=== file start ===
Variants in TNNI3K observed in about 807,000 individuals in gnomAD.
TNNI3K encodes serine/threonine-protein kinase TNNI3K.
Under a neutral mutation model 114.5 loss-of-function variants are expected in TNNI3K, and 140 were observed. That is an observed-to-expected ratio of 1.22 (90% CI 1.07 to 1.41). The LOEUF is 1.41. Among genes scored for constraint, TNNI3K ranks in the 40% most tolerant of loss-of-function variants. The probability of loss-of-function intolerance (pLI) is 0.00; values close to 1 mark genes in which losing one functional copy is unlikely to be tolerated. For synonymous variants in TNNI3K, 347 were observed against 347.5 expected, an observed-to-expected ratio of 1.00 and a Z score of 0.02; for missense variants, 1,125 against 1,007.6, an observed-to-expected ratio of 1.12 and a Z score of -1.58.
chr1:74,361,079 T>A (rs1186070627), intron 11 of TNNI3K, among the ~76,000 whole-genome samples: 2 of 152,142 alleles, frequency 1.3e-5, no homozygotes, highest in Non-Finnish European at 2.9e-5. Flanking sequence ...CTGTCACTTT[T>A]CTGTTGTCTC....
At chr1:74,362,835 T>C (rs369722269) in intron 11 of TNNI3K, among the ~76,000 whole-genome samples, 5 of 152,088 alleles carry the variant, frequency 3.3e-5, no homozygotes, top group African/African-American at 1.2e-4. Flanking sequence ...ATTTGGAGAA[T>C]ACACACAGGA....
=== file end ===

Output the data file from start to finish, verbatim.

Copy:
Variants in TNNI3K observed in about 807,000 individuals in gnomAD.
TNNI3K encodes serine/threonine-protein kinase TNNI3K.
Under a neutral mutation model 114.5 loss-of-function variants are expected in TNNI3K, and 140 were observed. That is an observed-to-expected ratio of 1.22 (90% CI 1.07 to 1.41). The LOEUF is 1.41. Among genes scored for constraint, TNNI3K ranks in the 40% most tolerant of loss-of-function variants. The probability of loss-of-function intolerance (pLI) is 0.00; values close to 1 mark genes in which losing one functional copy is unlikely to be tolerated. For synonymous variants in TNNI3K, 347 were observed against 347.5 expected, an observed-to-expected ratio of 1.00 and a Z score of 0.02; for missense variants, 1,125 against 1,007.6, an observed-to-expected ratio of 1.12 and a Z score of -1.58.
chr1:74,361,079 T>A (rs1186070627), intron 11 of TNNI3K, among the ~76,000 whole-genome samples: 2 of 152,142 alleles, frequency 1.3e-5, no homozygotes, highest in Non-Finnish European at 2.9e-5. Flanking sequence ...CTGTCACTTT[T>A]CTGTTGTCTC....
At chr1:74,362,835 T>C (rs369722269) in intron 11 of TNNI3K, among the ~76,000 whole-genome samples, 5 of 152,088 alleles carry the variant, frequency 3.3e-5, no homozygotes, top group African/African-American at 1.2e-4. Flanking sequence ...ATTTGGAGAA[T>C]ACACACAGGA....